Body-and-paint man trades sander, airbrush for forge, hammers, torch
May 9, 2012
Manuel Sarmiento went to a vocational school to learn to be a fender-and-body technician and to learn to paint cars. Fooling around with a plasma cutter one day, he cut out the shape of a hand and took it home to his wife. She loved it and encouraged him to experiment more. Years later he was successful enough as an artist that he quit his full-time job, and today his artwork supports him and his family.
When is a car not a car? When it’s a work of art. Ferraris, Lamborghinis, and Lotuses occupy the high end, but many American muscle cars are pleasing to the eye too. No car show would be complete without plenty of vintage Corvette®s, Barracuda®s, Mustang®s, and Camaro®s.
Manuel Sarmiento spent quite a few years working on these types of cars. After graduating high school and attending a community college to learn how to do autobody repair and high-end painting, he was recruited by Krause Brothers, a company that specializes in restoring exotic and rare cars for a niche clientele. For years Sarmiento spent his workday in this environment, surrounded by the most eye-catching vehicles ever created by automotive designers.
It all changed when Sarmiento cut out the shape of a hand while experimenting with a plasma cutter. He didn’t think it was anything special, but he took it home and showed it to his wife. She loved it, and before long she was asking Sarmiento to make other pieces. His experiment turned into a hobby, and Sarmiento toyed with the idea of pursuing art full-time. Eventually his wife encouraged him to follow his dream.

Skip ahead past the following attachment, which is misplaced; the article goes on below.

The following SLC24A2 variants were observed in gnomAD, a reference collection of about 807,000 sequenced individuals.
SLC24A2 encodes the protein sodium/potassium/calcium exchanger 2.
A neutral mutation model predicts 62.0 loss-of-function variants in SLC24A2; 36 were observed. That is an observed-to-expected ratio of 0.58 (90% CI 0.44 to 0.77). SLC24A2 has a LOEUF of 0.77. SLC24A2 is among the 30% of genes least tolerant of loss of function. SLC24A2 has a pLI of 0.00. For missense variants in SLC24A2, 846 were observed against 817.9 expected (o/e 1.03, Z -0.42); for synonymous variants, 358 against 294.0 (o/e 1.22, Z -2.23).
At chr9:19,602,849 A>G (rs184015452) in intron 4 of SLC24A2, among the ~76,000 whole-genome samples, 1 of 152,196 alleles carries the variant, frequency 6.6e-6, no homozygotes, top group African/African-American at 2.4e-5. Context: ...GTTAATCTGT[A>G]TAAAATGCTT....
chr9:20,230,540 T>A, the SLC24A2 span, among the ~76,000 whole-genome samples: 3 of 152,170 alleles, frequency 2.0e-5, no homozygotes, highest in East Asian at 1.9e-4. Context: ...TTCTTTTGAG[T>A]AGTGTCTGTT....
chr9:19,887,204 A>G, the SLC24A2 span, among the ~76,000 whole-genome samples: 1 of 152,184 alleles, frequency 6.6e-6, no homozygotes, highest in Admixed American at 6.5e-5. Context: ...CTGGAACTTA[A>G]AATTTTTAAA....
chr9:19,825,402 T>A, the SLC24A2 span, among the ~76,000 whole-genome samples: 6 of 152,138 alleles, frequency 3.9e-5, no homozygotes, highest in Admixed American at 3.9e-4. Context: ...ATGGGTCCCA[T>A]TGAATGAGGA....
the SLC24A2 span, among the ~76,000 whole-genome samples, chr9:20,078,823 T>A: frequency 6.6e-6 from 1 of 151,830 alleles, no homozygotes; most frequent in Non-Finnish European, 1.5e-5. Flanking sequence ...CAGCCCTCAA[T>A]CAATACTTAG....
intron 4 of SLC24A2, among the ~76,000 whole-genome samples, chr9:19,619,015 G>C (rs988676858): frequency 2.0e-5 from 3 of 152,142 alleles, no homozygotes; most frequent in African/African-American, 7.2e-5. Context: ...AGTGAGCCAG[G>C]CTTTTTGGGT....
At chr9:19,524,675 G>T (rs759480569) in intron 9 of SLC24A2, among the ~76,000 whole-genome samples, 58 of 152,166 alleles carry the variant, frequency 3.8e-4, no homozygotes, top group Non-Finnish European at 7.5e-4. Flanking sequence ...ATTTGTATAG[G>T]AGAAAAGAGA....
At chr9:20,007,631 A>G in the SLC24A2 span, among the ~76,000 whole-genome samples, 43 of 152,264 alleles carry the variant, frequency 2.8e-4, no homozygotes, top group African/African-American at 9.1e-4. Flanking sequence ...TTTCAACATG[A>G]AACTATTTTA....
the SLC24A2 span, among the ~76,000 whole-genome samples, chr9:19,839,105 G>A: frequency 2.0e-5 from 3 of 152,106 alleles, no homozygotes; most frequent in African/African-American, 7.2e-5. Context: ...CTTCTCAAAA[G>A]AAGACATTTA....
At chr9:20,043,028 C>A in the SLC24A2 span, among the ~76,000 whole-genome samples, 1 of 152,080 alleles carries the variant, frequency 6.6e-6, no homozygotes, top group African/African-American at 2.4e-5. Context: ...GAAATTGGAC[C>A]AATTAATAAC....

He started by acquiring some equipment, a forge and some hammers, and set up a shop in his garage. His early pieces were both artistic and functional, such as a metal-framed bed with curving, asymmetric posts and rails, and artistic, decorative trellises.
Sarmiento’s artwork blossomed, and eventually he realized he had to give up his auto restoration job to make a go of it. While he already had considered himself fortunate to have the means and the time to pursue his passion, he hit a home run when he landed a part-time job at Central Steel & Supply. In addition to a steady income, the job gave him access to scrap steel, a discount on purchases of new steel, and a lot of latitude; his new employer understood that Sarmiento’s artwork came first and allowed him to set his own schedule.
Regrettably, the steel yard was a victim of the 2008-2009 recession, but by that time Sarmiento had established himself as an artist and has been able to support his family solely on his artist income. He acknowledges that it’s not always easy, but when inspiration strikes, he has the drive to work into the wee hours to finish a project.
The upside is that some clients love his work and, after buying one piece, come back for more.
“Some people have 10 of my pieces,” he said.
Sarmiento doesn’t take all the credit for his career. Far from it. His interest in art developed at a young age; both of his parents enjoyed sketching, and it rubbed off on Manuel. Many years later his wife encouraged him to start working in metals. She also kicks around ideas with him, and on occasion Sarmiento and his wife take their three daughters on a car trip to Austin or over to Louisiana to look for inspiration. His daughters also have shown a flair for art. He credits them with providing ideas that have appeared in some of his work.
Another person who had a big impact on Sarmiento’s life was fellow artist Greg Davidson. A perpetual source of ideas and suggestions, he taught Sarmiento a lot about blacksmithing and suggested exploring other media, such as concrete and fiberglass. They didn’t just work side-by-side, they occasionally collaborated on large sculptures. Davidson passed away some time ago, but Sarmiento continues on, and in fact generates new ideas in the way Davidson once did.
“I have been applying acids and sometimes weed killers, which have chemicals that cause steel to rust fairly quickly,” Sarmiento said. “They add some interesting colors.”